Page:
Global leaders met to address childhood obesity epidemic
Obesity is preventable. Eradicating obesity, however, is very complex.
The prevalence of childhood obesity in nearly every country around the globe is increasing at an unprecedented rate. Yet few countries have pushed this public health issue to the top of the political agenda.
One of the most important forums for policy makers, experts and key stakeholders to hear about and discuss tactics for the prevention of childhood obesity, the International Childhood Obesity Conference (CIOI 2017- www.cioi2017.com), led by the National Institute of Health of Portugal was held in Lisbon, Portugal July 5-8. “During a time where many inequalities in obesity, physical activity and eating behaviours exist, with young people from low affluence groups generally more likely to report worse lower physical activity levels and worse diets, tackling Childhood Obesity together, is the key”, said Ana Rito, President of CIOI2017.
At the CIOI, an internationally renowned group of experts covered everything from marketing of unhealthy food and the need for regulation to methods to increase physical activity in schools and the mental health aspects of childhood obesity.
One of the biggest health crises of our time
The problem with childhood obesity is clear: children that are obese are more likely to stay obese into adulthood, putting them at increased risk for noncommunicable diseases (NCDs) such as heart disease, Type II diabetes, and some cancers. Even today, however, some of these “adult diseases” are affecting children and adolescents.
It is estimated that 1 in 3 children in Europe suffer from overweight or obesity, and that 170 million children worldwide are classified as overweight or obese. Low- and middle-income countries are experiencing a rate of increase in childhood obesity 30% higher than that of developed countries. The WHO reports that if current trends continue, 70 million infants and young children will be overweight or obese by 2025.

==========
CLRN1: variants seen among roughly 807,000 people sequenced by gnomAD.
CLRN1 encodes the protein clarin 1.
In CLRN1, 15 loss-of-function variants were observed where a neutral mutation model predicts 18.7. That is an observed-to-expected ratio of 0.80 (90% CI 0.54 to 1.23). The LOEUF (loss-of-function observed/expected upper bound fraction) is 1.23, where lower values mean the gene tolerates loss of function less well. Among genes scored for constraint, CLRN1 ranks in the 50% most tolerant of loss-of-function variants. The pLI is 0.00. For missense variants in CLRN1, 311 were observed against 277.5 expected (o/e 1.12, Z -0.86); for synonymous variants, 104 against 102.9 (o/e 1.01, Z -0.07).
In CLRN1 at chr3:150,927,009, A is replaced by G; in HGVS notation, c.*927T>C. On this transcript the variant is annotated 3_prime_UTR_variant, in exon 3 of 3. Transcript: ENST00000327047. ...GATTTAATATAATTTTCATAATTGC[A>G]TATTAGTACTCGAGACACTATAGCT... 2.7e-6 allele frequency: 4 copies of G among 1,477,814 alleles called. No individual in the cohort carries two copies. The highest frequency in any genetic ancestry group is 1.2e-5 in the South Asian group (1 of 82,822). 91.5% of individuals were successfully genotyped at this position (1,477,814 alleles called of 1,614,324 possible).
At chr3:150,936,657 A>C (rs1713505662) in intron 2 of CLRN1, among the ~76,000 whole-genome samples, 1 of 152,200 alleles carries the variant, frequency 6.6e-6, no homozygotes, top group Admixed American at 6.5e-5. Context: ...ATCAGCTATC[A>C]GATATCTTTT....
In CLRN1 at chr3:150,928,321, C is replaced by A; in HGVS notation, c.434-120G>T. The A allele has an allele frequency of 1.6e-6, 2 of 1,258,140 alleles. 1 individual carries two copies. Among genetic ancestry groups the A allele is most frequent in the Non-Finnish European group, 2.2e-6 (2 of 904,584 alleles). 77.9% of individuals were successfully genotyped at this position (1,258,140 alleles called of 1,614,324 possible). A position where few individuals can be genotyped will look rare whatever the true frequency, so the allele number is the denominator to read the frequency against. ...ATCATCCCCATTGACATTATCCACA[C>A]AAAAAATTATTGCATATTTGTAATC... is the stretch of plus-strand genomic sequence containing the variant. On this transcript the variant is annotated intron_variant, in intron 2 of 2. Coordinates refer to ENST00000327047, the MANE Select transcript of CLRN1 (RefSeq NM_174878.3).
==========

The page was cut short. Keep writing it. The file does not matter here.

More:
Health professionals, entrepreneurs, psychologists, educators, and urban planners attended a series of lectures and debates and posed questions and ideas as to how to change the physical environment to promote a healthier lifestyle for children, particularly for the most socially disadvantaged.
“We need a Revolution”
Childhood obesity is not plateauing, but instead increasing- particularly in developing countries around the globe. These countries are facing a health crisis of epic proportions, and urgent action from key stakeholders is needed.
Keynote speaker Philip James, the current chair of the Presidential Council of Global Prevention Alliance in the UK highlighted that policies affecting the price of food should be considered, as price affects what parents are able to purchase and feed their kids. The high price of vegetables and low cost of high fat, sugar, and salt (HFSS) foods is a barrier to promoting healthy lifestyles in children. “In summary,” Philip James said, “we need a Revolution.”
Keynote Speaker Tim Lobstein, the Head of Policy at the World Obesity Federation, also called for more accountability from industry in his lecture. He concluded with a call to action: The public must hold companies accountable for the deleterious health effects they are having on our children.
A call for marketing restrictions